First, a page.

Australia's New South Wales Electoral Commission has given its electronic voting system a clean bill of health, dismissing hacking fears as “theoretical,” and accepting a PWC report saying the system to date was protected by “security through obscurity”.
Reviews of election processes are routine, and in 2016, the NSW Joint Standing Committee on Electoral Matters kicked off the Wilkins report. It was completed in May of this year, but was only recently made public (PDF).
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NSW's “iVote” system was used by nearly 300,000 citizens in the 2015 election, a week after Melbourne University crypto-boffins Dr Vanessa Teague and Dr Chris Culnane demonstrated a FREAK-bug-like “theoretical attack”.
While internet voting is not yet widespread in Australian elections, Wilkins noted that “a number of Australia’s Electoral Commissioners have said to me: 'We need to be ready to do this efficiently and securely because it is inevitable.'”
Among the report's 29 recommendations are:
- Rather than the commonwealth and states building their own systems, Internet voting needs a national, standardised platform, jointly owned and maintained, and available to any jurisdiction that wants it.
- Parliament needs to consider the security impacts of changes to electoral legislation.
- The NSW Electoral Commission needs a security strategy covering “people, place, and data and information."
- The commission also needs the in-house ability to properly manage third parties providing hardware, software and services; and a cyber security strategy that covers all of the commission's activities.
- Agencies like CERT Australia, the Australian Cyber Security Centre, the Department of Home Affairs, the Australian Federal Police, and ASIO be called on to provide advice to all electoral commissions.
- Vulnerability testing should go beyond pentests, to include whether the system can be “gamed” or otherwise manipulated.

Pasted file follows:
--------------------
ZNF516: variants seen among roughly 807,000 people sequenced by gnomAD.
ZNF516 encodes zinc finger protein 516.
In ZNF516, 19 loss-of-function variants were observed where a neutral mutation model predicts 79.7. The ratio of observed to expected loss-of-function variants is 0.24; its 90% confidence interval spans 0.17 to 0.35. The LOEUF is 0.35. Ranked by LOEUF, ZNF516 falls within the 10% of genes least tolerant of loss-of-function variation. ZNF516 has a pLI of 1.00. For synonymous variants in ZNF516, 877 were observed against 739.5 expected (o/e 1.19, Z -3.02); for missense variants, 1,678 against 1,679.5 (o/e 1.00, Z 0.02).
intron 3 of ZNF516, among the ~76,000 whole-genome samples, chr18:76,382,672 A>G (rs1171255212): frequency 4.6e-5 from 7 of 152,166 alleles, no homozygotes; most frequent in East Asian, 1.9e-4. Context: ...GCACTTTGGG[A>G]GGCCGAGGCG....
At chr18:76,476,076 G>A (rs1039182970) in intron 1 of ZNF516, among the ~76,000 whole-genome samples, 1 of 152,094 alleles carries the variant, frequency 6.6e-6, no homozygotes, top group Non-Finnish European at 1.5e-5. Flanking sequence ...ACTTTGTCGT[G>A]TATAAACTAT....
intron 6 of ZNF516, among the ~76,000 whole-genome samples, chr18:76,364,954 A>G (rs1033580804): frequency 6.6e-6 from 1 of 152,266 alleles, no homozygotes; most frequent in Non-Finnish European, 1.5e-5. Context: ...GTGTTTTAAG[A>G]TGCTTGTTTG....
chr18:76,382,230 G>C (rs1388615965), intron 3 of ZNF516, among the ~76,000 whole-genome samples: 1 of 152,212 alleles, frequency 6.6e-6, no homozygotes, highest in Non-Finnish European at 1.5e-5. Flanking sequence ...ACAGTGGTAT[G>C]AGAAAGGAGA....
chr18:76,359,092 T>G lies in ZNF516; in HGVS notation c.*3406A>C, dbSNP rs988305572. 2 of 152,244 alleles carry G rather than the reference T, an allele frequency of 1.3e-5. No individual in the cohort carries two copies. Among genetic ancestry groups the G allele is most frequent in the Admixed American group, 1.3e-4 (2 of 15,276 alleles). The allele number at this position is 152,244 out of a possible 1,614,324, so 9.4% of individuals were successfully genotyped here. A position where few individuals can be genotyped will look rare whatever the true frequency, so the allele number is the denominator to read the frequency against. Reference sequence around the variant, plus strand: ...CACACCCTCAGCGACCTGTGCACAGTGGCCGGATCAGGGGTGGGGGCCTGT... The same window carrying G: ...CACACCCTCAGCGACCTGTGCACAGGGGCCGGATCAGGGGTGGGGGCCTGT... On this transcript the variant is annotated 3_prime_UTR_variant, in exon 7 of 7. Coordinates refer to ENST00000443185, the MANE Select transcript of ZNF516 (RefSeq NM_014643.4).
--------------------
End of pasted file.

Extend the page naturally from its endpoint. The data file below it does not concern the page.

- The iVote software should be published, or at least made available for expert review.
Wilkins also wrote that systems should be transparent, auditable and verifiable.
All good, right? Not so fast …
The report's author Roger Wilkins dismissed as “theoretical” Teague's and Culnane's (along with Dr Aleksander Essex, and Professors Rajeev Goré J Alex Halderman) concerns that the system isn't well-protected against attack. A hack could alter an election result, but Wilkins wrote that argument “places too much weight on theoretical possibility and not enough on empirical likelihood, or probability of things occurring.”
He did, however, concede that Internet voting security needed improvement, writing that it is not attended to as systematically and comprehensively as it needs to be, given the emerging threat environment and the fact that internet voting was now becoming 'critical infrastructure'”.
Dr Culnane, for one, expressed his displeasure in the Twitter thread starting here.
In particular, he noted that the 282,669 votes cast using iVote could well swing some electorates if there were an attack, and that a separate PWC risk assessment claimed voters are protected by the obscurity of the system (which to El Reg seems at odds with the call to publish the software).
Here's how PWC put it (the risk assessment is an appendix to the report):
To date, there have been limited categories of eligible voters legally allowed to use iVote, allowing the system to benefit from ‘security through obscurity’, and therefore, the level of risk management of iVote at present is appropriate based on current scale and scope of its use.
The PWC assessment continued: “iVote as a voting channel has not yet reached the ‘tipping point’ of visibility that makes it a desirable target for malicious actors”.
The NSW Electoral Commission has accepted (PDF) most of the report's recommendations. ®